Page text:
Hugh Thompson Jnr, a former US military helicopter pilot who helped stop one of the most infamous massacres of the Vietnam War has died, aged 62.
It was 30 years before the US military honoured Thompson (left)
Mr Thompson and his crew came upon US troops killing civilians at the village of My Lai on 16 March 1968.
He put his helicopter down between the soldiers and villagers, ordering his men to shoot their fellow Americans if they attacked the civilians.
"There was no way I could turn my back on them," he later said of the victims.
Mr Thompson, a warrant officer at the time, called in support from other US helicopters, and together they airlifted at least nine Vietnamese civilians - including a wounded boy - to safety.
He returned to headquarters, angrily telling his commanders what he had seen. They ordered soldiers in the area to stop shooting.
But Mr Thompson was shunned for years by fellow soldiers, received death threats, and was once told by a congressman that he was the only American who should be punished over My Lai.
A platoon commander, Lt William Calley, was later court-martialed and sentenced to life in prison for his role in the killings.
President Richard Nixon commuted his sentence to three years' house arrest.
Although the My Lai massacre became one of the best-known atrocities of the war - with journalist Seymour Hersh winning a Pulitzer Prize for reporting on it - little was known about Mr Thompson's actions for decades.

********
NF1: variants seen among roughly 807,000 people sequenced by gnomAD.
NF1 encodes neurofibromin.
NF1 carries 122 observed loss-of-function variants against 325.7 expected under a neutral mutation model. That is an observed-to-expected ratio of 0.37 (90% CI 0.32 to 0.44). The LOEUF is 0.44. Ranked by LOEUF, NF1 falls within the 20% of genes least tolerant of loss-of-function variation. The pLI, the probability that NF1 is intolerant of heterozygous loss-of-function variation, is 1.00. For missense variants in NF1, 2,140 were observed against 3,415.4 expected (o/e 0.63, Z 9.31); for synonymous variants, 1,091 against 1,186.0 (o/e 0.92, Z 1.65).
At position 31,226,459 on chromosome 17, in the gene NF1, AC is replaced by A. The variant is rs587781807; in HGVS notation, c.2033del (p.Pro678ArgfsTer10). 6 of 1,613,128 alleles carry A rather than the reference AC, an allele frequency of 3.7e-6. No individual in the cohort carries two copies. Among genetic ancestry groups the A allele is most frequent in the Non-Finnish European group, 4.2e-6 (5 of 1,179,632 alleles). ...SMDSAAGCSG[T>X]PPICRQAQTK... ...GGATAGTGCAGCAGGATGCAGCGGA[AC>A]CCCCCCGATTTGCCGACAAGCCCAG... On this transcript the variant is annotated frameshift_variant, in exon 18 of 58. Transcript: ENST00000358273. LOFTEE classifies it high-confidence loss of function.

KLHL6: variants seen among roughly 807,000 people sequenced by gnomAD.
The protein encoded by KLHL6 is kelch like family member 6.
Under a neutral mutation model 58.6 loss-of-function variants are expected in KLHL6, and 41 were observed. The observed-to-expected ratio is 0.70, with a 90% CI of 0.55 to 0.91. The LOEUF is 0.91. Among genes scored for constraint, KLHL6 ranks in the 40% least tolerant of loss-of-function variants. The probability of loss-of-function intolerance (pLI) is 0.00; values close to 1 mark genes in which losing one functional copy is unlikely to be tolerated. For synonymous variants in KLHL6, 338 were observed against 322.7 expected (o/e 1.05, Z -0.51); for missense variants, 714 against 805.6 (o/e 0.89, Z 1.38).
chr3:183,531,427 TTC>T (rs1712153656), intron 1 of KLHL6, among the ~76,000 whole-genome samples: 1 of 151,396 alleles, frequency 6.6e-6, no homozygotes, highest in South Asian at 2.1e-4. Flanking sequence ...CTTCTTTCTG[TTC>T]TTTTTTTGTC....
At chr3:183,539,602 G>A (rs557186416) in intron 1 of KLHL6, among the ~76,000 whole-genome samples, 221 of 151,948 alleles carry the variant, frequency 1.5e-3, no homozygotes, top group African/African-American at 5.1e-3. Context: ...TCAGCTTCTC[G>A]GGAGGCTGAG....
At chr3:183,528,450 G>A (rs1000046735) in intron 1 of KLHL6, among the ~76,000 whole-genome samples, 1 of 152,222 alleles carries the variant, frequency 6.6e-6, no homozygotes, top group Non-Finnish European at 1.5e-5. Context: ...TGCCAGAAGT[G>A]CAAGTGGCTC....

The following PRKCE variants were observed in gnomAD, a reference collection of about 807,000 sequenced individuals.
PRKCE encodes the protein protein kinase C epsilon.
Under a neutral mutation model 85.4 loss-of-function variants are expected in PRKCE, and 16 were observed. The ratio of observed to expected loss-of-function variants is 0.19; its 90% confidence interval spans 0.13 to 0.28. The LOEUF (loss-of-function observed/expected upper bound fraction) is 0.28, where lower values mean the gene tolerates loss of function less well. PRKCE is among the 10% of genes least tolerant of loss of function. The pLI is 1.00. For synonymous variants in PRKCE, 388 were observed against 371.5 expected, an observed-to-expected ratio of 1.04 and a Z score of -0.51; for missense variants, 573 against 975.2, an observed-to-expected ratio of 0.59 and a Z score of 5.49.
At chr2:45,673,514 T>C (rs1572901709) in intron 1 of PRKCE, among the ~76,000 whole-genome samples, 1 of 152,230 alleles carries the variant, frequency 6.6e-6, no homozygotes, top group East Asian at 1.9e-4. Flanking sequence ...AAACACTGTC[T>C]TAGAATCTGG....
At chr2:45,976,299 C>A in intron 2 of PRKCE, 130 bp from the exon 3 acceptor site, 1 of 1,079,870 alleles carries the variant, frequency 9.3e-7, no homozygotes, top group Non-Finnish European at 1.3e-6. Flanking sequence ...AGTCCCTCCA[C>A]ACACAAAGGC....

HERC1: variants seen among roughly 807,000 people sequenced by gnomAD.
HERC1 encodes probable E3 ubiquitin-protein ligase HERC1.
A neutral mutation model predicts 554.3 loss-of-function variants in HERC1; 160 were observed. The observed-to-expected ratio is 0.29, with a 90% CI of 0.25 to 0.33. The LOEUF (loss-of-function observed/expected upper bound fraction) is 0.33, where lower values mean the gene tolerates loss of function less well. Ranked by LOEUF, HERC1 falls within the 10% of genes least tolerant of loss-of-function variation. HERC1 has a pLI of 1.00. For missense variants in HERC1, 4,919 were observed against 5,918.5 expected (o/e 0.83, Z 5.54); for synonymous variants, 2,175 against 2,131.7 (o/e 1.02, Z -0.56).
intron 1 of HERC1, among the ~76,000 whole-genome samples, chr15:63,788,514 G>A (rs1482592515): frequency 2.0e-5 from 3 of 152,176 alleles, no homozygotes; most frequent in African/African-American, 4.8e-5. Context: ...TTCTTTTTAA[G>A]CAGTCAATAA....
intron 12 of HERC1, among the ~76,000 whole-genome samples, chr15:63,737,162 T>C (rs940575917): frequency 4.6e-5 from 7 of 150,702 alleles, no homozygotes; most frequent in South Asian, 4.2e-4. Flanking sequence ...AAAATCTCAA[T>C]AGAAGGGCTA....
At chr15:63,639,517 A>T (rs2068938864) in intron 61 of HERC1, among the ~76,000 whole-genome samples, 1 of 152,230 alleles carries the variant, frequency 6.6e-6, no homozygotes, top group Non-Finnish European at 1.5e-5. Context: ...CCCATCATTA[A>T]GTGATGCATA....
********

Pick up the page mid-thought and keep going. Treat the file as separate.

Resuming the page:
In the 1980s, Clemson University Professor David Egan saw him interviewed in a documentary and began to campaign on his behalf.
He persuaded people including Vietnam-era Secretary of State Dean Rusk to lobby the government to honour the helicopter crew.
Mr Thompson and his colleagues Lawrence Colburn and Glenn Andreotta were finally awarded the Soldier's Medal, the highest US miltiary award for bravery when not confronting an enemy.
Mr Thompson was close to tears as he accepted the award in 1998 "for all the men who served their country with honour on the battlefields of South-East Asia".
Mr Andreotta's award was posthumous. He was killed in Vietnam less than a month after My Lai.
Mr Colburn was at Mr Thompson's bedside when he died, the Associated Press reported.
Mr Thompson died of cancer. He had been ill for some time and was removed from life support earlier in the week.